1:45-2:45 p.m. — Practice  

A conversation with Michael A. Elliott, president of Amherst College, and Matthew McGann, dean of admission and financial aid, about the College’s approach to admissions, staff and faculty hiring, athletics, and student life. The conversation will be moderated by Rhonda Cobham-Sander, the Emily C. Jordan Folger professor of Black Studies and English. An audience Q&A to follow the panel discussion.

President Michael A. Elliott ’92

Michael A. Elliott ’92 is the 20th president of Amherst College. A distinguished scholar of American literature and culture of the 19th and early 20th centuries, he has published widely on the history of fiction in the United States, Native American literature, and practices of public history. He holds a B.A. from Amherst College and an M.A. and Ph.D. in English and comparative literature from Columbia University.

Since returning to Amherst as president, he is prioritizing three things: reinvigorating the College’s foundational commitment to preparing students for a lifetime of contributing to the greater good; supporting student wellbeing and an inclusionary environment where all can feel a sense of belonging; and ensuring that Amherst is a great place to work.

Prior to being appointed to the presidency of Amherst in 2022, Elliott was a faculty member and administrator at Emory University for 24 years, including serving as dean of Emory College of Arts and Sciences, the university’s core undergraduate division and home of the liberal arts. In this role, Elliott spearheaded critical work to establish race and inequality as a signature research and teaching strength of Emory, made significant advances in enhancing faculty diversity, increased support for undergraduate research, and garnered substantial philanthropic support for need-based financial aid.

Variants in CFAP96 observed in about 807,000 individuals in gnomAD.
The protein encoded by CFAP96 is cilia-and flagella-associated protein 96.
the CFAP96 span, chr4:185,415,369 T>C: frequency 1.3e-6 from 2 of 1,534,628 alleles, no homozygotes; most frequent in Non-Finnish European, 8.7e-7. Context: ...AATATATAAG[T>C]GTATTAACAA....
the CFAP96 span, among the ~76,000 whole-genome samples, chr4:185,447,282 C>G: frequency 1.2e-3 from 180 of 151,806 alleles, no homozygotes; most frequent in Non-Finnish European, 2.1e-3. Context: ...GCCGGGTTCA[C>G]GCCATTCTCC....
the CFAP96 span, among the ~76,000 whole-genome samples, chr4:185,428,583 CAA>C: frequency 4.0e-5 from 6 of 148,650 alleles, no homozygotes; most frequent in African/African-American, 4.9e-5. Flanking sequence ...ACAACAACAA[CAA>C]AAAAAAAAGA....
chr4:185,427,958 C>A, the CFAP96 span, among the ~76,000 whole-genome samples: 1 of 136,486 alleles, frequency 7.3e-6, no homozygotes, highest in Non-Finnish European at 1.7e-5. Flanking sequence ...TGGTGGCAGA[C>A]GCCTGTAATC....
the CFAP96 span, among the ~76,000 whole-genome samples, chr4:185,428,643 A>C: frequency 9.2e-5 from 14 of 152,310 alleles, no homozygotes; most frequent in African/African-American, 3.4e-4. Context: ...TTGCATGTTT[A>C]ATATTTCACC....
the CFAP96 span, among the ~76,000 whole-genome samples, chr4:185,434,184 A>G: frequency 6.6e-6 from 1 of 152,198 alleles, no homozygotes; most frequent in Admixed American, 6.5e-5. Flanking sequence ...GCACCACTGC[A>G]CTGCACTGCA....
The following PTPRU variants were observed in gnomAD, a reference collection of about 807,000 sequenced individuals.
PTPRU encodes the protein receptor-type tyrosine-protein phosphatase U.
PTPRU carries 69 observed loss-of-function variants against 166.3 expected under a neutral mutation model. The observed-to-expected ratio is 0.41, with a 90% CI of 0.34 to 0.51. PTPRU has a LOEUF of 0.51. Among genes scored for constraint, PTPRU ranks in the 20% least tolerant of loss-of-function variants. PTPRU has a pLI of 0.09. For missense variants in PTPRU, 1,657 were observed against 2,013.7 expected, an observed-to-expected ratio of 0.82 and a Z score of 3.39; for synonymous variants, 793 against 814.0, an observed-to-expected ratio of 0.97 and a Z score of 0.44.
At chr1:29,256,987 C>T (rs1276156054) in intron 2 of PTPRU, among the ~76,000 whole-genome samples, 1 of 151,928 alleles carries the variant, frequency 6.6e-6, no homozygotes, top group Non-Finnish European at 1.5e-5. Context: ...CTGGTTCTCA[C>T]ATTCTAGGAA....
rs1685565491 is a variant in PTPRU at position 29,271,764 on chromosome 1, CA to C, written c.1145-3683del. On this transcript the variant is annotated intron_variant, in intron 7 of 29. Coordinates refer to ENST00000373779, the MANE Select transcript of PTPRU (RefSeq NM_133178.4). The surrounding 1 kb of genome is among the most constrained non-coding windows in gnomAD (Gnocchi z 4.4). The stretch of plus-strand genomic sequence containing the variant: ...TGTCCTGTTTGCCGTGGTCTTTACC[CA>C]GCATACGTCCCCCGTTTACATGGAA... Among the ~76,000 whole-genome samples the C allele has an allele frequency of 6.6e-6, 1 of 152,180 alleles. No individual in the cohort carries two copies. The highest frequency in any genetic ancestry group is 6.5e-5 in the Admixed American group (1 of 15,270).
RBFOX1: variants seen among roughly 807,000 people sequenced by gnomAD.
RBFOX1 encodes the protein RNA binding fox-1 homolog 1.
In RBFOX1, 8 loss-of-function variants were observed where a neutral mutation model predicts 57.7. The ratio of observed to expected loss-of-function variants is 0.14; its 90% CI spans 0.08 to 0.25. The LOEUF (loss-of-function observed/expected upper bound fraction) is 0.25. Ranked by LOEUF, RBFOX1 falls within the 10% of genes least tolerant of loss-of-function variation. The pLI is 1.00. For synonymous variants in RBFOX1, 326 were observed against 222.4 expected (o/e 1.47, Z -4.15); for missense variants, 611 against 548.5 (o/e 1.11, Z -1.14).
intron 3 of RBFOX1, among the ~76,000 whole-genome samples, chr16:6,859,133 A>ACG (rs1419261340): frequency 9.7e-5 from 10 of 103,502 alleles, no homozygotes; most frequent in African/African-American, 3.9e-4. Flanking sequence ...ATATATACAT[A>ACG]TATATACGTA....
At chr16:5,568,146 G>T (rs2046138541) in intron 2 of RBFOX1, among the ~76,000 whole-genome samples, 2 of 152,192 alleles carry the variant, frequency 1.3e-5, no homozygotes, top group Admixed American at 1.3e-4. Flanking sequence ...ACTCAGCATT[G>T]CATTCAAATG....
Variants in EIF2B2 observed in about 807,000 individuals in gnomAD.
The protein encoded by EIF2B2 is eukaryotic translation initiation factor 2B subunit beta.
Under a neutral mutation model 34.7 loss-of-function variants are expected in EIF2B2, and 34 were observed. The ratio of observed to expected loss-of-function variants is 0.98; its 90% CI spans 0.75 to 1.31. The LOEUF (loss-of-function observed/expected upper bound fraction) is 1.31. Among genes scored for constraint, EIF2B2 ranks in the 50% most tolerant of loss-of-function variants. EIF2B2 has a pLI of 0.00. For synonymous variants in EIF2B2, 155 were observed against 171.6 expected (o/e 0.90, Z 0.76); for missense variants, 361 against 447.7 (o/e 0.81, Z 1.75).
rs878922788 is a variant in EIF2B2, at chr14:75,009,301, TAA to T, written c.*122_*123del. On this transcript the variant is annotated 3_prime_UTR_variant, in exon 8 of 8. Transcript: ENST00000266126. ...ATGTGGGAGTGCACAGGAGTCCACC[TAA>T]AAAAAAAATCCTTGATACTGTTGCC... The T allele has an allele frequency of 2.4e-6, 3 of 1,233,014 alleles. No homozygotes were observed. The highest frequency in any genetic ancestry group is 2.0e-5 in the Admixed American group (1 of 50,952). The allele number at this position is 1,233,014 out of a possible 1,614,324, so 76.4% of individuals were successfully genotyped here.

Matt McGann

Matthew L. McGann has served as dean of admission and financial aid since joining the College in 2018. Matt is responsible for overseeing all aspects of access and affordability at the College, including recruitment and admission for first-year and transfer students, and financial aid and student employment for all students.

Rhonda Cobham-Sander

Rhonda Cobham-Sander, the Emily C. Jordan Folger professor of Black Studies and English, teaches Caribbean and African literature. Her courses on “Childhood in Caribbean and African Literature,” “Issues of Gender in African Literature,” “Anglophone Caribbean Poetry” and “The Creole Imagination” reflect her interest in literary history and issues of gender. “I’m interested in how people generate new cultural forms in difficult spaces,” she says. Her most recent courses, “Digital Africas” and “Panama Silver, Asian Gold,” integrate Digital Humanities approaches into the study of Caribbean and African literature. She also teaches two of the three core courses in Black Studies” – “Introduction to Black Studies” and “Research Methods,” – as well as the introductory English courses, “Representing Illness” and “Reading, Writing, and Teaching.”

Cobham-Sander’s recent book,“I and I”: Epitaphs for the Self in the Work of V.S. Naipaul, Kamau Brathwaite, and Derek Walcott, looks at how these three famous Caribbean writers attempt to consolidate their literary legacies in their later works. She is focused now on two new projects: “Amital Queer: Aunts, Aunty Men and other Anansis, explores how Caribbean writers use the idea of the cross-gendered aunt (“tantie”) of oral performance to both subvert and support class and gender boundaries. Corporeal States: Body, Nation, Text, argues that using gendered metaphors to shore up the identity of the nation state in African literature may have the unintended consequence of destabilizing our assumptions about what constitutes a body and what defines a text.

“I keep trying to pretend I’m a professor who just wants to be left alone to read poetry,” Cobham-Sander says, but her commitment to the Amherst community and her interest in the study of race and gender has also drawn her into various administrative adventures, including serving as Special Assistant to the President for Diversity and Inclusion from 2004 to 2008. “One of the most exciting developments I’ve observed in my three decades at Amherst,” she says, “has been how the growing diversity of the student body has changed campus culture.”